- The Washington Times - Thursday, August 11, 2005

NEW YORK — The Fringe Festival defies easy classification.

The festival is a three-week celebration of edgy and avant-garde theater and performance art in downtown Manhattan, and it is a collection of 186 silly, serious and sometimes bizarre productions featuring characters such as a singing Hannibal Lecter and a hung-over Jenna Bush.

“This is like a candy store for someone who loves theater,” said Charlie Barnett, a writer and director whose “The Last Days of Cleopatra,” a musical about the troubled production of the Elizabeth Taylor and Richard Burton film “Cleopatra,” will play at the festival.

The Fringe Festival has consistently grown since its 1996 inception, attracting an audience of about 60,000 people last year. This year, there were just under 1,000 applicants from about 20 countries seeking spots in the festival. They were whittled down by a panel of 80 theater professionals during an eight-week process.

As a quick glance at the lineup for the festival attests, guidelines regarding the subject matter of the pieces that were selected were, at best, nebulous. In fact, the only instructions the panel was given involved making sure that each selection that made the cut embodied the “innovation, vibrancy and diversity” for which the festival’s producing artistic director Elena K. Holy strives.

“We really want there to be something for everyone,” Miss Holy said. “We really want people to get swept up in it.”

They seem to have achieved their goal.

This year’s festival includes “Silence! The Musical,” based on the Academy Award-winning — and decidedly nonmusical — film “The Silence of the Lambs”; “The Miss Education of Jenna Bush,” a one-woman comedy about the president’s first daughter; “A Lesbian in the Pantry,” which revolves around, well, a lesbian in a pantry; and a production based on Dalton Trumbo’s antiwar novel, “Johnny Got His Gun.”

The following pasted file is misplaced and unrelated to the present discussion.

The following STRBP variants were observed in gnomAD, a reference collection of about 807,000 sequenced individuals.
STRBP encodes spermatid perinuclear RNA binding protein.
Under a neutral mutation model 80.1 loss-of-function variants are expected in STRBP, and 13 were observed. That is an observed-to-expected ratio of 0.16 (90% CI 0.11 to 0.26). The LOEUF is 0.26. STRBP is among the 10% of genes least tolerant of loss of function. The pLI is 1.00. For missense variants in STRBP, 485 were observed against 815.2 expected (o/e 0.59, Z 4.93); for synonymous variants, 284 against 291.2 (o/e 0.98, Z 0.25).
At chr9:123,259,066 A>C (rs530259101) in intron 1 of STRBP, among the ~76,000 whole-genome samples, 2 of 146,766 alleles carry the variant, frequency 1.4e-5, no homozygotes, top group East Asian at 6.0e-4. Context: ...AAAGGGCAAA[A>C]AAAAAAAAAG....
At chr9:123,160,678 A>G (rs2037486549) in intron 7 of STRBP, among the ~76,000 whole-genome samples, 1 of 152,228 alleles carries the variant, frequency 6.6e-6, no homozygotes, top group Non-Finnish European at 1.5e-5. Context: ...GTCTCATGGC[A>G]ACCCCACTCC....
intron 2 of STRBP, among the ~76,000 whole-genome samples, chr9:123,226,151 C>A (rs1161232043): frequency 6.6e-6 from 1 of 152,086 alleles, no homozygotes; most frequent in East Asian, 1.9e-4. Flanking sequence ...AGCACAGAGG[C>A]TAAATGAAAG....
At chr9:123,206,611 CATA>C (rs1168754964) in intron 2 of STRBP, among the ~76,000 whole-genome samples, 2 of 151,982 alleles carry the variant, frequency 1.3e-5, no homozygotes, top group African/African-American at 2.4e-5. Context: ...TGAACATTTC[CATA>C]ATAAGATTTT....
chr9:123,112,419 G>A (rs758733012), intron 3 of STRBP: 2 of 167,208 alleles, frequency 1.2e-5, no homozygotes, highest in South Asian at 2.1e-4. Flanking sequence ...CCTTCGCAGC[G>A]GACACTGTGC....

There’s also “Lynndie England Followed by No Space,” a performance art piece about the disgraced soldier from the Abu Ghraib prison in Iraq; and “Basura!” a puppet show that bills itself as “a magical resurrection of trash.”

“You sometimes feel like you can take more risks, I think. It’s sort of anything goes with the Fringe … so that’s kind of fun,” said Jessica-Snow Wilson, an actress who has appeared on Broadway in shows such as “Les Miserables” and “Little Shop of Horrors.” At the Fringe, she’ll be starring in “Swimming Upstream,” about a high school student who wants to write a Broadway musical and decides that his subject will be the life of sperm.

But for those who think the Fringe Festival sounds too off-the-wall for their tastes, remember, it has launched its share of mainstream successes. Off-Broadway shows such as “Never Swim Alone,” “Debbie Does Dallas” and “Matt & Ben” all got their start at the Fringe. “Super Size Me” star Morgan Spurlock and Paul Marcarelli, the “Can you hear me now?” guy from the Verizon commercials, are among the notable alumni.

“I think it’s absolutely amazing,” said comedian Melissa Rauch, who plays the title role in “The Miss Education of Jenna Bush.”

“It’s a wonderful experience. You’re catching things as they’re hitting.”

The one show from the Fringe’s past that almost all participants cite when talking about turning a festival appearance into a Broadway success is “Urinetown.” The musical about a town where people have to pay to go to the bathroom was a hit at the Fringe Festival in 1999, opened off-Broadway, and eventually made it to Broadway, where it ran for more than two years, garnered several Tony awards and closed at a profit.

“We kind of became noticed as the place to get your musical to Broadway,” Miss Holy says.

Now, she says, “we consider ourselves the research and development lab for the industry.”

The prospect of seeing a hit show before it has entered the mainstream is one of the reasons the Fringe Festival’s audience keeps growing. The dream of that kind of success is what motivates performers to put up with the idiosyncrasies of the festival — performances have to be two hours or less, and many times there are only 15 minutes in which to set up — to get themselves seen.

“This brings out such great things in performers. They know they’re going to be performing for an audience that’s there to see the outside edge,” Mr. Barnett said. “Personally, I can’t wait.”

Festival organizers hope theatergoers feel the same way.

“It’s a festival of underdogs, and we have sort of a scrappy personality,” Miss Holy said, “and that’s why New Yorkers have taken to it.”

This festival begins today and runs through Aug. 28 at 20 venues in lower Manhattan. Tickets for all performances are $15.

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